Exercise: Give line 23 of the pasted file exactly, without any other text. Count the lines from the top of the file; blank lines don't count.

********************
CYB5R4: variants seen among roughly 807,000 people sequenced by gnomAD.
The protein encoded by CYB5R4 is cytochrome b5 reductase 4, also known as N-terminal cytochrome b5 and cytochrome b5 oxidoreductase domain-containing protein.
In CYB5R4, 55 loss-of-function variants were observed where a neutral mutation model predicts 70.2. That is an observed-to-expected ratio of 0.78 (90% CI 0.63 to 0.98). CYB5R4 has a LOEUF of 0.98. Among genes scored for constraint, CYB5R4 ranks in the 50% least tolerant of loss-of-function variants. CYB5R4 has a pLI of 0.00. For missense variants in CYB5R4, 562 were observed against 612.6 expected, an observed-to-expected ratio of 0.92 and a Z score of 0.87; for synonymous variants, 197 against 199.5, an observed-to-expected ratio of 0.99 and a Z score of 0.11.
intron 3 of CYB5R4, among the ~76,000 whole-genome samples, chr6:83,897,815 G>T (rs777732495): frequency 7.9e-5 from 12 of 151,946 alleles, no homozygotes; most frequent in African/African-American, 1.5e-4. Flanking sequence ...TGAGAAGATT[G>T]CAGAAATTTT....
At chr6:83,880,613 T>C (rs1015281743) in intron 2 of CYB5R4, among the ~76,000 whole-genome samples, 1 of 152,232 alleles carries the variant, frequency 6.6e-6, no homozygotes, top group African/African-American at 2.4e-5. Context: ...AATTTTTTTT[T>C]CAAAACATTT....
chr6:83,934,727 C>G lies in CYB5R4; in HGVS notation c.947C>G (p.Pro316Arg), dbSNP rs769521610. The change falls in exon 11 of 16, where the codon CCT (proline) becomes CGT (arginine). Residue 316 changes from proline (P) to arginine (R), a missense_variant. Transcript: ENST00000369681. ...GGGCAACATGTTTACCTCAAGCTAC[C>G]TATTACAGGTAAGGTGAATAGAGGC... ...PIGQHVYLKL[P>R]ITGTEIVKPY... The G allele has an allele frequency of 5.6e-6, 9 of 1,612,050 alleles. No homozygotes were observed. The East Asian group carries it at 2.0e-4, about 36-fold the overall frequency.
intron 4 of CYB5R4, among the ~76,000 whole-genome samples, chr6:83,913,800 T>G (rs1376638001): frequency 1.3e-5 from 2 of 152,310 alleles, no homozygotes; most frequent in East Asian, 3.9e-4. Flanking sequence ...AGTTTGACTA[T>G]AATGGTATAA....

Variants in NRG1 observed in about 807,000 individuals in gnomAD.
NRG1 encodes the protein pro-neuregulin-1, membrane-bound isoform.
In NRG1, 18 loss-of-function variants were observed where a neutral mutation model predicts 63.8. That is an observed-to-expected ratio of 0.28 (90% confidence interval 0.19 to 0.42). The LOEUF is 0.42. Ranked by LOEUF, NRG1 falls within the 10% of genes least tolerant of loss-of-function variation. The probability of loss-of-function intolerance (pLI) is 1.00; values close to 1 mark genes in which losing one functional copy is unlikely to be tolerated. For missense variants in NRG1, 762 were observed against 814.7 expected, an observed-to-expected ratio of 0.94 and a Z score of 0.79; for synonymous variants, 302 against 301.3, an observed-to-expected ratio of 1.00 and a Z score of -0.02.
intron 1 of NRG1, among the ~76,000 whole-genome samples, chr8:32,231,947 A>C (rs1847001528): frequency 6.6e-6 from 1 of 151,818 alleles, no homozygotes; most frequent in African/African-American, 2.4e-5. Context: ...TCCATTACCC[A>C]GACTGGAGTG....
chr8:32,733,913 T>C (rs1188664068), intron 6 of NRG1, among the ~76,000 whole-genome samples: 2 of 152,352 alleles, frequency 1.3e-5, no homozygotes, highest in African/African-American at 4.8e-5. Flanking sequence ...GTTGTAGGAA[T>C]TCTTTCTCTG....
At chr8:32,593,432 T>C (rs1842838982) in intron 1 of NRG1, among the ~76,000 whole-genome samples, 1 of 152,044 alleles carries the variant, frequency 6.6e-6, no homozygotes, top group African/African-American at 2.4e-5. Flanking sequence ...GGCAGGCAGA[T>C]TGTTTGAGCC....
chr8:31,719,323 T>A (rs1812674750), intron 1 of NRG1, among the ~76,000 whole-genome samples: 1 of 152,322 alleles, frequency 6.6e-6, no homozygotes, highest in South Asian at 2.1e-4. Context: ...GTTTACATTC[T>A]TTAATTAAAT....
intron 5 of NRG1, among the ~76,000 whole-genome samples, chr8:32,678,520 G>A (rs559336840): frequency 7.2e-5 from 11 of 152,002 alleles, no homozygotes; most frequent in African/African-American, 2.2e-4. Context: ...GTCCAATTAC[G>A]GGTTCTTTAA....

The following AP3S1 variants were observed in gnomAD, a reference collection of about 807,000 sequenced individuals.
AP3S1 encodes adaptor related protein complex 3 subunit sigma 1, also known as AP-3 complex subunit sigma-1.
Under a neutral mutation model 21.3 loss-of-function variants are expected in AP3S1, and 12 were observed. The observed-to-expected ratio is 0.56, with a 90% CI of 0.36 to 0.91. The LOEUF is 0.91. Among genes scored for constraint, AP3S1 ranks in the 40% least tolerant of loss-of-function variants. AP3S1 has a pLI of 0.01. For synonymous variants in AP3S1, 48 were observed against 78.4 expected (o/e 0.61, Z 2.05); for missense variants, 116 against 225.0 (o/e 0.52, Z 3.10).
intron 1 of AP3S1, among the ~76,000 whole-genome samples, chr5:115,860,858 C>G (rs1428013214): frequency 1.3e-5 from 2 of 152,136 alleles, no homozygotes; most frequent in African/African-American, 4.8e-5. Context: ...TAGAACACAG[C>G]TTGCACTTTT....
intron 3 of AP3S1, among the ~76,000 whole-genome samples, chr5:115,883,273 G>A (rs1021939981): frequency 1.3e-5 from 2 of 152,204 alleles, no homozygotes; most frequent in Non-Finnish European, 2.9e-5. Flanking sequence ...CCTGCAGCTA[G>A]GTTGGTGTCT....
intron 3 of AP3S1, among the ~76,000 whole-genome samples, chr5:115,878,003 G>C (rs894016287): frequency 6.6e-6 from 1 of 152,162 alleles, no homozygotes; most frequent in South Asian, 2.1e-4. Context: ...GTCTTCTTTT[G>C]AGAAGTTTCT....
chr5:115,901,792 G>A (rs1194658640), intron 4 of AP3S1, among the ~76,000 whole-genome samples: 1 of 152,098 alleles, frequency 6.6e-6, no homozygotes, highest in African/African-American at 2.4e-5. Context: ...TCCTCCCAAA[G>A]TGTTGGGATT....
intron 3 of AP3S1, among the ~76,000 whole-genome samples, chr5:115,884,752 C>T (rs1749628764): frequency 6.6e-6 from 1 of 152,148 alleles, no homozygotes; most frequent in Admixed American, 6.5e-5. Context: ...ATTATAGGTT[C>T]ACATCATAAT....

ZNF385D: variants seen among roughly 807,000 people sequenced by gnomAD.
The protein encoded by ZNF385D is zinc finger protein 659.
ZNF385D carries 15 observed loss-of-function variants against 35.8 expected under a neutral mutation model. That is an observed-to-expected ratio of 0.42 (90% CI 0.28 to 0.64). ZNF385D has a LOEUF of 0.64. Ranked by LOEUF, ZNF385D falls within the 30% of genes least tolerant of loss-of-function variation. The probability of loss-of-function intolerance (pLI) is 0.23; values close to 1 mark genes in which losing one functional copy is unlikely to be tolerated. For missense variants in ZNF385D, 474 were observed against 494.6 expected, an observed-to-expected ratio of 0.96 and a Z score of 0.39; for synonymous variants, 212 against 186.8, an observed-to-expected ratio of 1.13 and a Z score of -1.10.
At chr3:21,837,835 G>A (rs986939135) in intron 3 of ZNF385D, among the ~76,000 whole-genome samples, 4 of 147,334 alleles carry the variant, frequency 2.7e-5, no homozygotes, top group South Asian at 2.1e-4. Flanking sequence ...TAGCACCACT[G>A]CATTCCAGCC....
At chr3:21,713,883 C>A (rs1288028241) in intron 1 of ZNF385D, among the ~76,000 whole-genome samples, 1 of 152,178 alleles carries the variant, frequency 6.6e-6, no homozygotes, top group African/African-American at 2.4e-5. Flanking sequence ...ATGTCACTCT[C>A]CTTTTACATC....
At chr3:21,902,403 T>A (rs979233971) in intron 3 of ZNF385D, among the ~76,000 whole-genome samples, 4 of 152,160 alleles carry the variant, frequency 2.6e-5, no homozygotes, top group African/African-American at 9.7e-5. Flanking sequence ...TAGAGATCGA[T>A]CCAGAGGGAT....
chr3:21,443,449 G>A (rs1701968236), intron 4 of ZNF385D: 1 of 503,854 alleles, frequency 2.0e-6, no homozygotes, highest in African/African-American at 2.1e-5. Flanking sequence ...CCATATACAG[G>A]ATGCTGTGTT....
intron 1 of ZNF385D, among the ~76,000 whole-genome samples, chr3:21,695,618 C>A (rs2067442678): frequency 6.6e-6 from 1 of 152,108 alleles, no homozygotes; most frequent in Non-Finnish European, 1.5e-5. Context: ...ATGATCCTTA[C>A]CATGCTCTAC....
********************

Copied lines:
intron 3 of AP3S1, among the ~76,000 whole-genome samples, chr5:115,884,752 C>T (rs1749628764): frequency 6.6e-6 from 1 of 152,148 alleles, no homozygotes; most frequent in Admixed American, 6.5e-5. Context: ...ATTATAGGTT[C>T]ACATCATAAT....